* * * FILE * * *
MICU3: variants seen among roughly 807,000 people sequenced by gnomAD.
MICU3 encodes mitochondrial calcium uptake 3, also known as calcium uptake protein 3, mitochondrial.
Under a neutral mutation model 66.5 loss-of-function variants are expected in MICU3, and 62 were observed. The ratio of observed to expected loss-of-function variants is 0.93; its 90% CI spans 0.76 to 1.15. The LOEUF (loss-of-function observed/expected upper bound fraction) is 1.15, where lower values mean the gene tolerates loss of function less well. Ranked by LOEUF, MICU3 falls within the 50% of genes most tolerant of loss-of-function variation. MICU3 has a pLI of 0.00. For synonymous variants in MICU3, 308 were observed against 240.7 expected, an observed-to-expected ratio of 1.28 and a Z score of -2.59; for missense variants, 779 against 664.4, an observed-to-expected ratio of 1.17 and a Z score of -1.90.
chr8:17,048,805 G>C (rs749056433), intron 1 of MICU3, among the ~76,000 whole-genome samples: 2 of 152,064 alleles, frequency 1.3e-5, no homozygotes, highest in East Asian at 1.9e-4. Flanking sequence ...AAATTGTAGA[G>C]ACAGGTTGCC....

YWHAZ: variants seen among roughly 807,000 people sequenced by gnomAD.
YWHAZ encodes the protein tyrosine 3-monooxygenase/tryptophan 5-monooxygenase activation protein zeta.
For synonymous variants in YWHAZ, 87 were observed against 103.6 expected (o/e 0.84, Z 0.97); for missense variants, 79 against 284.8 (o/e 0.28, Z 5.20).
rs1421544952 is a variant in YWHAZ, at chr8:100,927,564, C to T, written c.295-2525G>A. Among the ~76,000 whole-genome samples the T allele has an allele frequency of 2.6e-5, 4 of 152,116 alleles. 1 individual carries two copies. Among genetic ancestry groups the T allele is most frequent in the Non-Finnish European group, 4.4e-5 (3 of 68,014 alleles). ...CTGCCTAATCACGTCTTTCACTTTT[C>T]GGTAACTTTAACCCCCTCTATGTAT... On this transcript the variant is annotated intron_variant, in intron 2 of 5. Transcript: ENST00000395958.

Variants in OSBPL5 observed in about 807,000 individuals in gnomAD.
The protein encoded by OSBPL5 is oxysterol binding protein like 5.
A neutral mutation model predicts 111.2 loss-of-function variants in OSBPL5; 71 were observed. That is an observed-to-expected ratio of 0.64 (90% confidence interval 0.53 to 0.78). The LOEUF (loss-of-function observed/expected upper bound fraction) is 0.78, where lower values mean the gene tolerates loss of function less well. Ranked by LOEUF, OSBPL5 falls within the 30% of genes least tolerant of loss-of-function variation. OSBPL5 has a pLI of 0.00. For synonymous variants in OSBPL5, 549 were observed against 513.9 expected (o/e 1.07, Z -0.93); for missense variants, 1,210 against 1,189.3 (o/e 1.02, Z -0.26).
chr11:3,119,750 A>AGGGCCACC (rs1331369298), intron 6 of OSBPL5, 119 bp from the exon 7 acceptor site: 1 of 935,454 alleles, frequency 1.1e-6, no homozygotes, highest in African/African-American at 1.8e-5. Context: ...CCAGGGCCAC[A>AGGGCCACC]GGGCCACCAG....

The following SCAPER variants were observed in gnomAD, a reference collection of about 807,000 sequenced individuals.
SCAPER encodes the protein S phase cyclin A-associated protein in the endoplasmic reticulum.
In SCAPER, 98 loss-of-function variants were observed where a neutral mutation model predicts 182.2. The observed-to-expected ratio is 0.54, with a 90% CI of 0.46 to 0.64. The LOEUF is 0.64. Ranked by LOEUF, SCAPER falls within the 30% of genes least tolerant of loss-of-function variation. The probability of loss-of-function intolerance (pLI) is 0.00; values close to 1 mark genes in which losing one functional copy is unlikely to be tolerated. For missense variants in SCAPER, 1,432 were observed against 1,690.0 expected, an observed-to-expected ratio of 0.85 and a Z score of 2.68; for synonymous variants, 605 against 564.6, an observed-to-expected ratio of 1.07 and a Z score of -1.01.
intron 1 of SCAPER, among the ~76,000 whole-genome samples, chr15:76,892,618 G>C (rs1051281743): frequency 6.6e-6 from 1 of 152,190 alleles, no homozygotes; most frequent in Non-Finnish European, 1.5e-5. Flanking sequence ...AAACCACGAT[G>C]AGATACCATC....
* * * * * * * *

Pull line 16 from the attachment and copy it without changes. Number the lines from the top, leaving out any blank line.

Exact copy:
intron 1 of SCAPER, among the ~76,000 whole-genome samples, chr15:76,892,618 G>C (rs1051281743): frequency 6.6e-6 from 1 of 152,190 alleles, no homozygotes; most frequent in Non-Finnish European, 1.5e-5. Flanking sequence ...AAACCACGAT[G>C]AGATACCATC....